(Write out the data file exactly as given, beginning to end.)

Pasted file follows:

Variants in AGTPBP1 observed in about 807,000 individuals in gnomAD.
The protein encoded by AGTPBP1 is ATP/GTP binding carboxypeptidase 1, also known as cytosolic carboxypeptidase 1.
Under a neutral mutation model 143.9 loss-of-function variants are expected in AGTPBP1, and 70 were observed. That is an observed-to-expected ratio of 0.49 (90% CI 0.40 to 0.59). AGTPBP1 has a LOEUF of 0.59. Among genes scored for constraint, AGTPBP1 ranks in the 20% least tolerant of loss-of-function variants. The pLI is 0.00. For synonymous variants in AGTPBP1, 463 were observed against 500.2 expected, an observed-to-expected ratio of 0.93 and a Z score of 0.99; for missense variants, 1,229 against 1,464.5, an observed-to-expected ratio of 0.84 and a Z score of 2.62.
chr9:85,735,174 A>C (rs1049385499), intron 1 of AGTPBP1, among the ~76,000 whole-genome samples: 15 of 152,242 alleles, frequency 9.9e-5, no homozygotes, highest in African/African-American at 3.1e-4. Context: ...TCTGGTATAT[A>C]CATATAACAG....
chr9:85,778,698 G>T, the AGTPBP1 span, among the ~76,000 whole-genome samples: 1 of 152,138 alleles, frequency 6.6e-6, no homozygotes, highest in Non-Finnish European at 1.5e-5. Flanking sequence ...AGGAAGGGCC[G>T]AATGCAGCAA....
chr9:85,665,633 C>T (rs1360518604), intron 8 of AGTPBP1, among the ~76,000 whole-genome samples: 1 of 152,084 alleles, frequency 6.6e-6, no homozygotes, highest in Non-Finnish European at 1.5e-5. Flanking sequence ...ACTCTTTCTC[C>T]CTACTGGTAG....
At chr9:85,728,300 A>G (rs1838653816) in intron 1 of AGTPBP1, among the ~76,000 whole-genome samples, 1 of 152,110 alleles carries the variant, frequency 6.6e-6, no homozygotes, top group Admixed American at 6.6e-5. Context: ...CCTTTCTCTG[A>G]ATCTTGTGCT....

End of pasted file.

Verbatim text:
Variants in AGTPBP1 observed in about 807,000 individuals in gnomAD.
The protein encoded by AGTPBP1 is ATP/GTP binding carboxypeptidase 1, also known as cytosolic carboxypeptidase 1.
Under a neutral mutation model 143.9 loss-of-function variants are expected in AGTPBP1, and 70 were observed. That is an observed-to-expected ratio of 0.49 (90% CI 0.40 to 0.59). AGTPBP1 has a LOEUF of 0.59. Among genes scored for constraint, AGTPBP1 ranks in the 20% least tolerant of loss-of-function variants. The pLI is 0.00. For synonymous variants in AGTPBP1, 463 were observed against 500.2 expected, an observed-to-expected ratio of 0.93 and a Z score of 0.99; for missense variants, 1,229 against 1,464.5, an observed-to-expected ratio of 0.84 and a Z score of 2.62.
chr9:85,735,174 A>C (rs1049385499), intron 1 of AGTPBP1, among the ~76,000 whole-genome samples: 15 of 152,242 alleles, frequency 9.9e-5, no homozygotes, highest in African/African-American at 3.1e-4. Context: ...TCTGGTATAT[A>C]CATATAACAG....
chr9:85,778,698 G>T, the AGTPBP1 span, among the ~76,000 whole-genome samples: 1 of 152,138 alleles, frequency 6.6e-6, no homozygotes, highest in Non-Finnish European at 1.5e-5. Flanking sequence ...AGGAAGGGCC[G>T]AATGCAGCAA....
chr9:85,665,633 C>T (rs1360518604), intron 8 of AGTPBP1, among the ~76,000 whole-genome samples: 1 of 152,084 alleles, frequency 6.6e-6, no homozygotes, highest in Non-Finnish European at 1.5e-5. Flanking sequence ...ACTCTTTCTC[C>T]CTACTGGTAG....
At chr9:85,728,300 A>G (rs1838653816) in intron 1 of AGTPBP1, among the ~76,000 whole-genome samples, 1 of 152,110 alleles carries the variant, frequency 6.6e-6, no homozygotes, top group Admixed American at 6.6e-5. Context: ...CCTTTCTCTG[A>G]ATCTTGTGCT....